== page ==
1. Aquaman 18.60%
    2. Mr. Fantastic 18.22%
    3. The Hulk 17.30%
    4. Wonder Woman 16.77%
    5. Daredevil
    Read More »from ‘Aquaman’ dubbed most dubious superhero by virus removal software company
  • 'Animal Crossing: New Leaf'

    This week, PBS’s Idea Channel on YouTube posited an interesting notion: the recently released game Animal Crossing: New Leaf from Nintendo may promote "otaku citizenship." And for many people, that just causes more questions, like, what’s an otaku? What’s otaku citizenship? And for some out there, what's Animal Crossing and why are so many adults playing what looks like a game for children?

    Starting with the basics, Animal Crossing: New Leaf is the latest installment in the popular Animal Crossing series, and the second handheld offering (this one is for the Nintendo 3DS). The premise is simple: your human character moves to a brand new town, and through a mix-up, you become the mayor. It is your responsibility to lead the town populated by anthropomorphized animals to prosperity and success while raising funds to build improvements and pay off your home.

    As for why people are playing it, there's a much simpler answer: it’s an incredibly well-made game. The concepts are basic, are well

    Read More »from ‘Animal Crossing: New Leaf’ and the kind of people it teaches its players to be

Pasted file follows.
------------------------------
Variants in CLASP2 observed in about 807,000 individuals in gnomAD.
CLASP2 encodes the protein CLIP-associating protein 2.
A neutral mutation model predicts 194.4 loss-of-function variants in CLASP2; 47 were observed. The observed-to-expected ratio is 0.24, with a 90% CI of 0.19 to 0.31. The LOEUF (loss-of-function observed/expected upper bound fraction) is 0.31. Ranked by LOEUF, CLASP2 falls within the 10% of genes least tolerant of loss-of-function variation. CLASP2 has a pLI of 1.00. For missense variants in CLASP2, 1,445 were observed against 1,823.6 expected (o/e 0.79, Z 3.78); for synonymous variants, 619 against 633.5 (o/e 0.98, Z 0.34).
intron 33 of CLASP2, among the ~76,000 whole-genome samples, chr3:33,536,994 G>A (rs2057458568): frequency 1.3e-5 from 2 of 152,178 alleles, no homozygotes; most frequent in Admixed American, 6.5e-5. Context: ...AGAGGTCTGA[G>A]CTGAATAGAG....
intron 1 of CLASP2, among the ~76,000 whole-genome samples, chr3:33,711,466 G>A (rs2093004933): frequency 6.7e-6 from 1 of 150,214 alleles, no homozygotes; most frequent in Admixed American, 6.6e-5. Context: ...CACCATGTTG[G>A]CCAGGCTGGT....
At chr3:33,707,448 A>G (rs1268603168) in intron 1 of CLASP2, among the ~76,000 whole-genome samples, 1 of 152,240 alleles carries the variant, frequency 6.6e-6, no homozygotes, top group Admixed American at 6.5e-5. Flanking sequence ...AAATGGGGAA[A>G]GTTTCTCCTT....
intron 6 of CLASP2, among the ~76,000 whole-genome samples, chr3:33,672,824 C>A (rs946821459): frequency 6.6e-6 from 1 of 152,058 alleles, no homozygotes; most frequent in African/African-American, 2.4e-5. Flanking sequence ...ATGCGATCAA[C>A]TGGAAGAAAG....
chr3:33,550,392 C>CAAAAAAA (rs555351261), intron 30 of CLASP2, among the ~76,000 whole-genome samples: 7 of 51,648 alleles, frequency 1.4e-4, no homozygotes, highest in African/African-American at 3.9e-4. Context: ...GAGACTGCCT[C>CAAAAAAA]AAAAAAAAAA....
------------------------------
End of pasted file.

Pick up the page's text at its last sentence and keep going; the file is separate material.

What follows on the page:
• How rice could one day power your smartphone

    Ah, rice: food staple enjoyed by billions of people around the world every day. And according to a recent report, it could soon be used to help power your cell phone.

    Not the edible part of the rice, mind you: about 20 per cent of the total weight of all rice is its inedible husk, Wired reports. Researchers have found a way to recycle those husks and use them to make silicon for batteries.

    In a study published with the Proceedings of the National Academy of Sciences of the United States of America, researchers say they believe there is a way to convert the silica layers found in rice husks and convert it to silicon, which can then be used in high-capacity lithium battery anodes. The researchers say that the structure of the rice husks gives it “excellent electrochemical performance as a lithium battery anode,” the study’s abstract states. By applying heat and acid to the husks, the silica can be extracted, and then converted into silicon.

    Up until now, the waste husks have largely been

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  • Guests at Nokia's unveiling of its new Lumia 1020 smartphone use the new phone's 41-megapixel camera.
    There’s no question: many of us have given up lugging around a separate camera in favour of snapping photos with our smartphones. Yet for many photo purists, the quality of a phone camera just can’t compare to using a proper point-and-shoot. Nokia attempted to bridge that gap today by unveiling the Nokia Lumia 1020, its first 41-megapixel phone on the Windows 8 operating system.

    Following in the steps of the Nokia 808 PureView, the newly-unveiled Lumia 1020 has a 41-megapixel camera sensor, which allows the user to take 5MP photos using ‘oversampling:’ seven pixels are combined into one super-accurate pixel, Mobile Syrup explains. It also has a Xenon flash built in, for point-and-shoot quality lighting, and six Zeiss lenses in wide-angle for sharp images.

    Along with all the other bells and whistles on the new camera phone, like ‘floating lens’ technology that helps reduce image shake, 1080p video shooting and high-resolution 3x zoom, the Lumia 1020 also comes with an impressive price

    Read More »from Nokia Lumia 1020’s impressive camera may not be enough to justify hefty price tag